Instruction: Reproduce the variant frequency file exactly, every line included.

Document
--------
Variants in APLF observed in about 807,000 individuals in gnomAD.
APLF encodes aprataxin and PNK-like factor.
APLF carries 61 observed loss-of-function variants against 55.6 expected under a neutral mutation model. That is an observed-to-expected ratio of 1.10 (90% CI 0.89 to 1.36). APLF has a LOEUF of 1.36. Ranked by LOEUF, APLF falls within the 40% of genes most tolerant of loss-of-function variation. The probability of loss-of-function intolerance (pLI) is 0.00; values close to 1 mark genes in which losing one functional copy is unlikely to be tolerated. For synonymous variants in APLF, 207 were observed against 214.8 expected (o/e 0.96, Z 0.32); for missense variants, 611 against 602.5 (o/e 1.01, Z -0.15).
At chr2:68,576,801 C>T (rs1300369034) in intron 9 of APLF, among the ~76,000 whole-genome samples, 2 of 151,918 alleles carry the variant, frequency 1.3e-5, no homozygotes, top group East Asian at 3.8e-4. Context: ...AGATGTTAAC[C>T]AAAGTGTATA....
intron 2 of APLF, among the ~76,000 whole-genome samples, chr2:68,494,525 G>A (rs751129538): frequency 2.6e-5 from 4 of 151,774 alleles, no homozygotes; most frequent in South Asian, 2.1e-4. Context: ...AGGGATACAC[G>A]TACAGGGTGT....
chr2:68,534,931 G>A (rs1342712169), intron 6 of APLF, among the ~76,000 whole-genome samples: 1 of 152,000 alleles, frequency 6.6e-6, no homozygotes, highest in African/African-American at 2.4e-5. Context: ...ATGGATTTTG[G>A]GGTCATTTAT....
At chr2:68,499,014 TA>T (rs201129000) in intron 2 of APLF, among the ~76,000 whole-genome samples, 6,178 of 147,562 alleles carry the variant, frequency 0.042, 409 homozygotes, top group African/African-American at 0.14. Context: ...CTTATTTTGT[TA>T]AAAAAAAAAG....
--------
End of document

Variants in APLF observed in about 807,000 individuals in gnomAD.
APLF encodes aprataxin and PNK-like factor.
APLF carries 61 observed loss-of-function variants against 55.6 expected under a neutral mutation model. That is an observed-to-expected ratio of 1.10 (90% CI 0.89 to 1.36). APLF has a LOEUF of 1.36. Ranked by LOEUF, APLF falls within the 40% of genes most tolerant of loss-of-function variation. The probability of loss-of-function intolerance (pLI) is 0.00; values close to 1 mark genes in which losing one functional copy is unlikely to be tolerated. For synonymous variants in APLF, 207 were observed against 214.8 expected (o/e 0.96, Z 0.32); for missense variants, 611 against 602.5 (o/e 1.01, Z -0.15).
At chr2:68,576,801 C>T (rs1300369034) in intron 9 of APLF, among the ~76,000 whole-genome samples, 2 of 151,918 alleles carry the variant, frequency 1.3e-5, no homozygotes, top group East Asian at 3.8e-4. Context: ...AGATGTTAAC[C>T]AAAGTGTATA....
intron 2 of APLF, among the ~76,000 whole-genome samples, chr2:68,494,525 G>A (rs751129538): frequency 2.6e-5 from 4 of 151,774 alleles, no homozygotes; most frequent in South Asian, 2.1e-4. Context: ...AGGGATACAC[G>A]TACAGGGTGT....
chr2:68,534,931 G>A (rs1342712169), intron 6 of APLF, among the ~76,000 whole-genome samples: 1 of 152,000 alleles, frequency 6.6e-6, no homozygotes, highest in African/African-American at 2.4e-5. Context: ...ATGGATTTTG[G>A]GGTCATTTAT....
At chr2:68,499,014 TA>T (rs201129000) in intron 2 of APLF, among the ~76,000 whole-genome samples, 6,178 of 147,562 alleles carry the variant, frequency 0.042, 409 homozygotes, top group African/African-American at 0.14. Context: ...CTTATTTTGT[TA>T]AAAAAAAAAG....